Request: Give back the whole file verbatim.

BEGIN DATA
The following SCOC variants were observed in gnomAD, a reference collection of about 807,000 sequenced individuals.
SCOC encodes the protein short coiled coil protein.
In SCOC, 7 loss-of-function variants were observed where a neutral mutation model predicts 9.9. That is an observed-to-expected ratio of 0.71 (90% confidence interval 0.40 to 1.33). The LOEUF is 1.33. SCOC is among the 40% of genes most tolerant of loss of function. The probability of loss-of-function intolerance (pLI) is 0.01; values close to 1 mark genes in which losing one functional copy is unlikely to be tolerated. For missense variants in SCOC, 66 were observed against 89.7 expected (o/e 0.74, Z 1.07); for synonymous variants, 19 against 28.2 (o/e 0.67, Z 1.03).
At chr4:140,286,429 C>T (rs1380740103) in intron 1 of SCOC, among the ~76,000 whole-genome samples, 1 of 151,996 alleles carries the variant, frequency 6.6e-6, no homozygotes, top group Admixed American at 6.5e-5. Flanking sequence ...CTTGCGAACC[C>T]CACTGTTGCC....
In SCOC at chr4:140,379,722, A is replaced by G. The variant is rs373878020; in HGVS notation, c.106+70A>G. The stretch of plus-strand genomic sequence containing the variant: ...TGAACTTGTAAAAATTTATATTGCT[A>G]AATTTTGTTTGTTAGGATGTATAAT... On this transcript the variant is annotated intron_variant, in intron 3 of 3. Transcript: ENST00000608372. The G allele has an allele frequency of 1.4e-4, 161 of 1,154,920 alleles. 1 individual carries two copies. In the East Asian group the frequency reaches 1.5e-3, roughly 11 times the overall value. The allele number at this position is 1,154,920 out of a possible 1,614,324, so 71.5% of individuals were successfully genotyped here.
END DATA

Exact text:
The following SCOC variants were observed in gnomAD, a reference collection of about 807,000 sequenced individuals.
SCOC encodes the protein short coiled coil protein.
In SCOC, 7 loss-of-function variants were observed where a neutral mutation model predicts 9.9. That is an observed-to-expected ratio of 0.71 (90% confidence interval 0.40 to 1.33). The LOEUF is 1.33. SCOC is among the 40% of genes most tolerant of loss of function. The probability of loss-of-function intolerance (pLI) is 0.01; values close to 1 mark genes in which losing one functional copy is unlikely to be tolerated. For missense variants in SCOC, 66 were observed against 89.7 expected (o/e 0.74, Z 1.07); for synonymous variants, 19 against 28.2 (o/e 0.67, Z 1.03).
At chr4:140,286,429 C>T (rs1380740103) in intron 1 of SCOC, among the ~76,000 whole-genome samples, 1 of 151,996 alleles carries the variant, frequency 6.6e-6, no homozygotes, top group Admixed American at 6.5e-5. Flanking sequence ...CTTGCGAACC[C>T]CACTGTTGCC....
In SCOC at chr4:140,379,722, A is replaced by G. The variant is rs373878020; in HGVS notation, c.106+70A>G. The stretch of plus-strand genomic sequence containing the variant: ...TGAACTTGTAAAAATTTATATTGCT[A>G]AATTTTGTTTGTTAGGATGTATAAT... On this transcript the variant is annotated intron_variant, in intron 3 of 3. Transcript: ENST00000608372. The G allele has an allele frequency of 1.4e-4, 161 of 1,154,920 alleles. 1 individual carries two copies. In the East Asian group the frequency reaches 1.5e-3, roughly 11 times the overall value. The allele number at this position is 1,154,920 out of a possible 1,614,324, so 71.5% of individuals were successfully genotyped here.